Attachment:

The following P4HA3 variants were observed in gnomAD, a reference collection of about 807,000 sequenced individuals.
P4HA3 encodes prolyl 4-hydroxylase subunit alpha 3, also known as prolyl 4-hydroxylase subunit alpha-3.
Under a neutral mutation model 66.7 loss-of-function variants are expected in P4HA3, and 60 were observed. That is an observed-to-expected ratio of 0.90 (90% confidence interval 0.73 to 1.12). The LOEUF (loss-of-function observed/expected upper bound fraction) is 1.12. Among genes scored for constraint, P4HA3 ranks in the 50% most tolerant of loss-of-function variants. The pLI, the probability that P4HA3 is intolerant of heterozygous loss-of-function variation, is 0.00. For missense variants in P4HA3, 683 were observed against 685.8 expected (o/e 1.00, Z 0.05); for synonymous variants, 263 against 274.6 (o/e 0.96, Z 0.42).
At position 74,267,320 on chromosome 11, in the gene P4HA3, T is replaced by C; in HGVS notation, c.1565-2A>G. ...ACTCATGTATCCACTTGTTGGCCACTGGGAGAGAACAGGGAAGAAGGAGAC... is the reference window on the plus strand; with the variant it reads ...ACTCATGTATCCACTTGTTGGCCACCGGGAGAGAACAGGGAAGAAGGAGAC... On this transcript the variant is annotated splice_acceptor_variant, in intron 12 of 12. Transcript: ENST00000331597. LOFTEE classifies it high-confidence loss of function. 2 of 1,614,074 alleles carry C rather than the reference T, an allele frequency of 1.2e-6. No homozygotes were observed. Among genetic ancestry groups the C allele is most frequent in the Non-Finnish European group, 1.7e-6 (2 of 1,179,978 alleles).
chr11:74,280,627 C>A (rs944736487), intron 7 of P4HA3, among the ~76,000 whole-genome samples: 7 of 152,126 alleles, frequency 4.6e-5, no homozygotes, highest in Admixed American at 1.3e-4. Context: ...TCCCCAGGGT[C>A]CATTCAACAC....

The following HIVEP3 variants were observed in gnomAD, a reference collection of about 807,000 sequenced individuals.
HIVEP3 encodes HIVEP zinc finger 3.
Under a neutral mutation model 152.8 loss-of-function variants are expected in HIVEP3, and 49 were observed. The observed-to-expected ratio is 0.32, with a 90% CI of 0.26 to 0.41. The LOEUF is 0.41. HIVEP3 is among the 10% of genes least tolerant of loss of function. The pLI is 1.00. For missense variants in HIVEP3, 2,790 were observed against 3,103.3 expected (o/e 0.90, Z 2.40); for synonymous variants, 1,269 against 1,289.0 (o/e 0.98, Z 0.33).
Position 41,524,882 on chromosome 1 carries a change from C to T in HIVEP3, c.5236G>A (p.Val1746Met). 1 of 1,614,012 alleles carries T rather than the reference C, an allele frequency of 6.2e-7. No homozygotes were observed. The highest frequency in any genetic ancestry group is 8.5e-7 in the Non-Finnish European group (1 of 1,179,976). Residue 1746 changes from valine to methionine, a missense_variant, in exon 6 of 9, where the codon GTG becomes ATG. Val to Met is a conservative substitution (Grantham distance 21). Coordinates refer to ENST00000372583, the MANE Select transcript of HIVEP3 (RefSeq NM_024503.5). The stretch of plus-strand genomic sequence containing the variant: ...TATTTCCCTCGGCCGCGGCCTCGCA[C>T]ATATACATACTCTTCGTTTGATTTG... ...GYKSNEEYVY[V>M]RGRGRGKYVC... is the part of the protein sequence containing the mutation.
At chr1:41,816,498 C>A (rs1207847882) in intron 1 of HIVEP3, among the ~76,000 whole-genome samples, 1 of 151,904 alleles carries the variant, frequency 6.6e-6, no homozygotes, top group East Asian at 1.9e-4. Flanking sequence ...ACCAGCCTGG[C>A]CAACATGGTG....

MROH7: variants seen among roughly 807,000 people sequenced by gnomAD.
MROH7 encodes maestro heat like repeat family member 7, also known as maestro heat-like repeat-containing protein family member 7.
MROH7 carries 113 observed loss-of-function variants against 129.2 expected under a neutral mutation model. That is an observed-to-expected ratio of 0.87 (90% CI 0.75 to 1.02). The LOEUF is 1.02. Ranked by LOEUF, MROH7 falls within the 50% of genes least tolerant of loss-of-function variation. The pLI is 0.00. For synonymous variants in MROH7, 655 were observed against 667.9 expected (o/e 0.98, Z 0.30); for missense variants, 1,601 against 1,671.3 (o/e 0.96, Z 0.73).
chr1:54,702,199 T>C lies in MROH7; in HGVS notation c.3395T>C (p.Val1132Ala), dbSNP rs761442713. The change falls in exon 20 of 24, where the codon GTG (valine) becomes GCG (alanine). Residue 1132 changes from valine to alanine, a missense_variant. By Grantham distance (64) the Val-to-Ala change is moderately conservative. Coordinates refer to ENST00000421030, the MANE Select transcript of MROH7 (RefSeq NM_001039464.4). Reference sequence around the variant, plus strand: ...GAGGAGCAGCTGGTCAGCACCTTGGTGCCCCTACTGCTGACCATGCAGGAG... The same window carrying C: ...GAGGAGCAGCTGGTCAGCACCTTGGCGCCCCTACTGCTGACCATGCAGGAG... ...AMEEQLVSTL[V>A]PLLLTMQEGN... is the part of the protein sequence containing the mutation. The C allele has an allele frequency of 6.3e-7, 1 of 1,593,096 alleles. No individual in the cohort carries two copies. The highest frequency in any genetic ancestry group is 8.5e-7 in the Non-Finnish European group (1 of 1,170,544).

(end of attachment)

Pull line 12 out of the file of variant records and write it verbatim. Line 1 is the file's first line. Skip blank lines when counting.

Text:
MROH7 encodes maestro heat like repeat family member 7, also known as maestro heat-like repeat-containing protein family member 7.